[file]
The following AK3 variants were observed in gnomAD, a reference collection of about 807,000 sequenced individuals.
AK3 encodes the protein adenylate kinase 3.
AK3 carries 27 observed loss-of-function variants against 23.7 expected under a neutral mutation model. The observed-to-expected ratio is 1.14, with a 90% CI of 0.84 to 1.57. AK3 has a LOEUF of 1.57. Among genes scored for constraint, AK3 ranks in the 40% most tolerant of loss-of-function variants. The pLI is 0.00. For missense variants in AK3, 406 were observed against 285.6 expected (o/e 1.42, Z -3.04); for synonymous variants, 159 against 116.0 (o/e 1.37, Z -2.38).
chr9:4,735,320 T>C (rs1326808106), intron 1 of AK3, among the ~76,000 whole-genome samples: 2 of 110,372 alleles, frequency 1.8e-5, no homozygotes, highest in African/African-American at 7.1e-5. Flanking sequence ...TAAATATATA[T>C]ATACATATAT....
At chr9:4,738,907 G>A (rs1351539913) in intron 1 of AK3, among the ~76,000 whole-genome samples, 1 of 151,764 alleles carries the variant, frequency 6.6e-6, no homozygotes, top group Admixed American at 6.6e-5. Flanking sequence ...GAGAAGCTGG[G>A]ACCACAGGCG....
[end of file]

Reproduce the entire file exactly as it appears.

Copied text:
The following AK3 variants were observed in gnomAD, a reference collection of about 807,000 sequenced individuals.
AK3 encodes the protein adenylate kinase 3.
AK3 carries 27 observed loss-of-function variants against 23.7 expected under a neutral mutation model. The observed-to-expected ratio is 1.14, with a 90% CI of 0.84 to 1.57. AK3 has a LOEUF of 1.57. Among genes scored for constraint, AK3 ranks in the 40% most tolerant of loss-of-function variants. The pLI is 0.00. For missense variants in AK3, 406 were observed against 285.6 expected (o/e 1.42, Z -3.04); for synonymous variants, 159 against 116.0 (o/e 1.37, Z -2.38).
chr9:4,735,320 T>C (rs1326808106), intron 1 of AK3, among the ~76,000 whole-genome samples: 2 of 110,372 alleles, frequency 1.8e-5, no homozygotes, highest in African/African-American at 7.1e-5. Flanking sequence ...TAAATATATA[T>C]ATACATATAT....
At chr9:4,738,907 G>A (rs1351539913) in intron 1 of AK3, among the ~76,000 whole-genome samples, 1 of 151,764 alleles carries the variant, frequency 6.6e-6, no homozygotes, top group Admixed American at 6.6e-5. Flanking sequence ...GAGAAGCTGG[G>A]ACCACAGGCG....